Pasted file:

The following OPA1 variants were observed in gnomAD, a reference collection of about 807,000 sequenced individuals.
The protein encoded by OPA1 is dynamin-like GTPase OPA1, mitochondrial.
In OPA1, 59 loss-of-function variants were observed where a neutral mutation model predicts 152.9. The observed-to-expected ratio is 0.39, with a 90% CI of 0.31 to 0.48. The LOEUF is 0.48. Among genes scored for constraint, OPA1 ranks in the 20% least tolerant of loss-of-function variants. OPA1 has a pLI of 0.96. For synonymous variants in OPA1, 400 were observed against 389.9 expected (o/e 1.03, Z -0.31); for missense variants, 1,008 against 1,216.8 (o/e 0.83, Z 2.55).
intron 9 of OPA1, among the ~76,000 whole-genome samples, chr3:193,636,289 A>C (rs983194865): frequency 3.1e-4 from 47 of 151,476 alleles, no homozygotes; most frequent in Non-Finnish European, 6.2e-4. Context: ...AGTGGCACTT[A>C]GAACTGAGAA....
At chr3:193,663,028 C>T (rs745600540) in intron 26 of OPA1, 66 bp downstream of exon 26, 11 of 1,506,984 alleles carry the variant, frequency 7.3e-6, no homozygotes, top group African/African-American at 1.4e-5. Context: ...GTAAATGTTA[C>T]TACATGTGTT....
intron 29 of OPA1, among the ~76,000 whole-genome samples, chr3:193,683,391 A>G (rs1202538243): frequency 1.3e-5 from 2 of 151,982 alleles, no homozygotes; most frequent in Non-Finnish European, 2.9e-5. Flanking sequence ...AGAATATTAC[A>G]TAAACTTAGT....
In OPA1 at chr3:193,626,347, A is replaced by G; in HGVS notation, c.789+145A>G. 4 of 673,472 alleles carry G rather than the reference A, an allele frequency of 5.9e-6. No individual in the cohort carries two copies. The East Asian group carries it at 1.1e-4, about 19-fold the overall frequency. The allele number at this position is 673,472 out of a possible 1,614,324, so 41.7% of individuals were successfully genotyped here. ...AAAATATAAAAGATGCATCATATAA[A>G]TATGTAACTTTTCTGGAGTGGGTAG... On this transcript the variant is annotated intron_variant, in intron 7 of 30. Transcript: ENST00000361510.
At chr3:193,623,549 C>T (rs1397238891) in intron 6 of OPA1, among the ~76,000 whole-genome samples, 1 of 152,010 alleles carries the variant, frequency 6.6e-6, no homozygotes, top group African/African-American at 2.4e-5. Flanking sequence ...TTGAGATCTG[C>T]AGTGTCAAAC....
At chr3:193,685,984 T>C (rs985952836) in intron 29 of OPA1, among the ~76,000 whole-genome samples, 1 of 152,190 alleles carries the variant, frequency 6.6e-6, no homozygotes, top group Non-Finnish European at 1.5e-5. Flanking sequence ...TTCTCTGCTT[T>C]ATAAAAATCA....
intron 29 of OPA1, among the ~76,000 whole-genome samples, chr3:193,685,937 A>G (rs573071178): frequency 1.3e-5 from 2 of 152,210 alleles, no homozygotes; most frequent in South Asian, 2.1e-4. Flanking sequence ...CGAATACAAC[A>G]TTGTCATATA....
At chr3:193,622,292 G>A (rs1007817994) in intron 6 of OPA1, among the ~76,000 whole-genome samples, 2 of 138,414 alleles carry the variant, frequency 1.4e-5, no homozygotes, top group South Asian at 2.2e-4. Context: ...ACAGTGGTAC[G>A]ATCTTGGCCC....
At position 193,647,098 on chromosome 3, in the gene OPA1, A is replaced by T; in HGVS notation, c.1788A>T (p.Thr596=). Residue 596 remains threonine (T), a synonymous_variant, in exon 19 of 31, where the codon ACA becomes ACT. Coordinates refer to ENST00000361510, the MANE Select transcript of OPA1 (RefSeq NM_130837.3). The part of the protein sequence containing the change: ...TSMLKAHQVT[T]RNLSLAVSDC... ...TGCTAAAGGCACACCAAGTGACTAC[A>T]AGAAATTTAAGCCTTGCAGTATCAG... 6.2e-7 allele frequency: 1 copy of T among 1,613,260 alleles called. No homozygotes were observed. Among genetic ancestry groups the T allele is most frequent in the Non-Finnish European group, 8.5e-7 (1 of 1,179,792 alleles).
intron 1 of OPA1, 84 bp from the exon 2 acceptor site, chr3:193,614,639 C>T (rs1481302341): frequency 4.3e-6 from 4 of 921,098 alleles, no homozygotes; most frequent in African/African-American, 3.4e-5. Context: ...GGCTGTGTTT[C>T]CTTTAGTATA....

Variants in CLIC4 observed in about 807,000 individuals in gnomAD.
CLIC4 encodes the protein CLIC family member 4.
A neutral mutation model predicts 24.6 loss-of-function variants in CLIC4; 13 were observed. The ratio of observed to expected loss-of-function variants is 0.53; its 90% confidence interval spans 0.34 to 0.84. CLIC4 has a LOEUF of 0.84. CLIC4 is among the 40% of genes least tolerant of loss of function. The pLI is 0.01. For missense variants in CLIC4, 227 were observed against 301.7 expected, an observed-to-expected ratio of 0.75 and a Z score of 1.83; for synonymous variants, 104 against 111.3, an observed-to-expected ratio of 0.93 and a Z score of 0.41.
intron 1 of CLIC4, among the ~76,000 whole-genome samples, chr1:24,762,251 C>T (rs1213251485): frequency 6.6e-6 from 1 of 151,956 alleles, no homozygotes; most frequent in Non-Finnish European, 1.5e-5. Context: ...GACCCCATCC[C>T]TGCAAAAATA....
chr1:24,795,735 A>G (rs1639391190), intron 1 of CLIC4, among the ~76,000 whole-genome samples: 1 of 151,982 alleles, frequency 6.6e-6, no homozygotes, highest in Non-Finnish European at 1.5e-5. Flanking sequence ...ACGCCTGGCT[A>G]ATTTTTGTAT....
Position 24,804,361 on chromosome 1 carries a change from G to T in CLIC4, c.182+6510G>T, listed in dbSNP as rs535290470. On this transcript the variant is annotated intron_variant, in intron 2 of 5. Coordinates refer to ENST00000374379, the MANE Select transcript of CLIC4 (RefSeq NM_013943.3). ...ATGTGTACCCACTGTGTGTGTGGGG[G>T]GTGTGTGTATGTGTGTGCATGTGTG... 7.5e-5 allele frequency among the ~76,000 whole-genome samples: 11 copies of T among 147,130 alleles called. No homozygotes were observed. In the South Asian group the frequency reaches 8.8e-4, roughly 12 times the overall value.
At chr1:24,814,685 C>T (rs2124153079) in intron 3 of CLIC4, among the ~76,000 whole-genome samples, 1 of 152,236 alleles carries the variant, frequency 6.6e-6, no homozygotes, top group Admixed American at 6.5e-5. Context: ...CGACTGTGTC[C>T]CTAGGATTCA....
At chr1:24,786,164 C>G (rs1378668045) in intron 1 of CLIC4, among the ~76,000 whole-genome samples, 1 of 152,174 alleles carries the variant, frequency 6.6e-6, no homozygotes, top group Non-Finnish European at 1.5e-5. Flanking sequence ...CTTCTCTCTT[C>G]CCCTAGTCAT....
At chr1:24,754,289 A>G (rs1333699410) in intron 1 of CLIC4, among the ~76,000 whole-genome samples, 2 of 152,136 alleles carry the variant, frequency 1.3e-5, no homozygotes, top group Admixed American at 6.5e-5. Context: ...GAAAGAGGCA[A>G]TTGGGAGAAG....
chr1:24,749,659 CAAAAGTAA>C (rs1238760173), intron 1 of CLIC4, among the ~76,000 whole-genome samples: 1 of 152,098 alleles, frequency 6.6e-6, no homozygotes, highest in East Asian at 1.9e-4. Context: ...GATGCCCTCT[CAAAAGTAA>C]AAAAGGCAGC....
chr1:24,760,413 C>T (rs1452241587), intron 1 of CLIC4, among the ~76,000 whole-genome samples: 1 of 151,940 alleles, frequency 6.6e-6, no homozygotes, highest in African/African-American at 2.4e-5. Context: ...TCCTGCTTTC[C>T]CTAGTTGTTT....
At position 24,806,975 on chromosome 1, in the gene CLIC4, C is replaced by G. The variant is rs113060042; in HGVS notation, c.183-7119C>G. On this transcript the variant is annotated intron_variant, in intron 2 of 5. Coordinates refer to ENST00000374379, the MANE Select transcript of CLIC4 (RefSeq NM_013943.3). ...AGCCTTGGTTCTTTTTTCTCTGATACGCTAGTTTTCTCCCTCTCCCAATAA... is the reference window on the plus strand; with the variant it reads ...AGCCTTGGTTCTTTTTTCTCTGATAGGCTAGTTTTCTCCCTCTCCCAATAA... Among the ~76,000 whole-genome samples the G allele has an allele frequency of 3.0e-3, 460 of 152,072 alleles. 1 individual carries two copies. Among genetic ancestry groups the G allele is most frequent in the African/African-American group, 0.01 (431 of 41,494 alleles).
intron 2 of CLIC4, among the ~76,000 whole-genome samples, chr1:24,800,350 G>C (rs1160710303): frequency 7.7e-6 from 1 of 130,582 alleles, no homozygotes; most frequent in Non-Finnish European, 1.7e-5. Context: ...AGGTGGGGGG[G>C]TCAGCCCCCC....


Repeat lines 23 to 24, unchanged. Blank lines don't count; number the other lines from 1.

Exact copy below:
chr1:24,749,659 CAAAAGTAA>C (rs1238760173), intron 1 of CLIC4, among the ~76,000 whole-genome samples: 1 of 152,098 alleles, frequency 6.6e-6, no homozygotes, highest in East Asian at 1.9e-4. Context: ...GATGCCCTCT[CAAAAGTAA>C]AAAAGGCAGC....
chr1:24,760,413 C>T (rs1452241587), intron 1 of CLIC4, among the ~76,000 whole-genome samples: 1 of 151,940 alleles, frequency 6.6e-6, no homozygotes, highest in African/African-American at 2.4e-5. Context: ...TCCTGCTTTC[C>T]CTAGTTGTTT....